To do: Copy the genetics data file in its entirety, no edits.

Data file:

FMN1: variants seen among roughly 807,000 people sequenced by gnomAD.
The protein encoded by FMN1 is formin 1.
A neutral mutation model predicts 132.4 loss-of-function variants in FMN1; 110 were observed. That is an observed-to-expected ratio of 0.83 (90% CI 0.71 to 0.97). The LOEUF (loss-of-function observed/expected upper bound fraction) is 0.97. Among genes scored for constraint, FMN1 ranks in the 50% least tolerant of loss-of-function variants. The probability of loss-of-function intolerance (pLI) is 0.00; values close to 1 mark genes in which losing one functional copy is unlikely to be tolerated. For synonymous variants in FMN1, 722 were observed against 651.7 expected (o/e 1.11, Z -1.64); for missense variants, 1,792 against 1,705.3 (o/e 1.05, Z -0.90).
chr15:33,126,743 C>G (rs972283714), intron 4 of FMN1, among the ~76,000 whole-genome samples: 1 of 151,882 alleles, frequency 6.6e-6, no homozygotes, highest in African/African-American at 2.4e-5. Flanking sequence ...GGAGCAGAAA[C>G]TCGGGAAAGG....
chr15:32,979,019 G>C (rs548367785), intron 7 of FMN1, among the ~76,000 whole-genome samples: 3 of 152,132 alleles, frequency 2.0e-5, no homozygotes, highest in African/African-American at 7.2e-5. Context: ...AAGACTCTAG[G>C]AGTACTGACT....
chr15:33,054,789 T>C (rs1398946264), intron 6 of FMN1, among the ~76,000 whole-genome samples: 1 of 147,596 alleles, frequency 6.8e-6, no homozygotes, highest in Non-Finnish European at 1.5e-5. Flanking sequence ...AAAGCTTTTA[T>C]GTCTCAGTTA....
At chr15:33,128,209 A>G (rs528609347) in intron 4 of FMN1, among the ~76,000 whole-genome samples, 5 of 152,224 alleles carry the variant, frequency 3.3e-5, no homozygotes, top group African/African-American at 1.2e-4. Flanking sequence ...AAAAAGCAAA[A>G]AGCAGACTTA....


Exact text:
FMN1: variants seen among roughly 807,000 people sequenced by gnomAD.
The protein encoded by FMN1 is formin 1.
A neutral mutation model predicts 132.4 loss-of-function variants in FMN1; 110 were observed. That is an observed-to-expected ratio of 0.83 (90% CI 0.71 to 0.97). The LOEUF (loss-of-function observed/expected upper bound fraction) is 0.97. Among genes scored for constraint, FMN1 ranks in the 50% least tolerant of loss-of-function variants. The probability of loss-of-function intolerance (pLI) is 0.00; values close to 1 mark genes in which losing one functional copy is unlikely to be tolerated. For synonymous variants in FMN1, 722 were observed against 651.7 expected (o/e 1.11, Z -1.64); for missense variants, 1,792 against 1,705.3 (o/e 1.05, Z -0.90).
chr15:33,126,743 C>G (rs972283714), intron 4 of FMN1, among the ~76,000 whole-genome samples: 1 of 151,882 alleles, frequency 6.6e-6, no homozygotes, highest in African/African-American at 2.4e-5. Flanking sequence ...GGAGCAGAAA[C>G]TCGGGAAAGG....
chr15:32,979,019 G>C (rs548367785), intron 7 of FMN1, among the ~76,000 whole-genome samples: 3 of 152,132 alleles, frequency 2.0e-5, no homozygotes, highest in African/African-American at 7.2e-5. Context: ...AAGACTCTAG[G>C]AGTACTGACT....
chr15:33,054,789 T>C (rs1398946264), intron 6 of FMN1, among the ~76,000 whole-genome samples: 1 of 147,596 alleles, frequency 6.8e-6, no homozygotes, highest in Non-Finnish European at 1.5e-5. Flanking sequence ...AAAGCTTTTA[T>C]GTCTCAGTTA....
At chr15:33,128,209 A>G (rs528609347) in intron 4 of FMN1, among the ~76,000 whole-genome samples, 5 of 152,224 alleles carry the variant, frequency 3.3e-5, no homozygotes, top group African/African-American at 1.2e-4. Flanking sequence ...AAAAAGCAAA[A>G]AGCAGACTTA....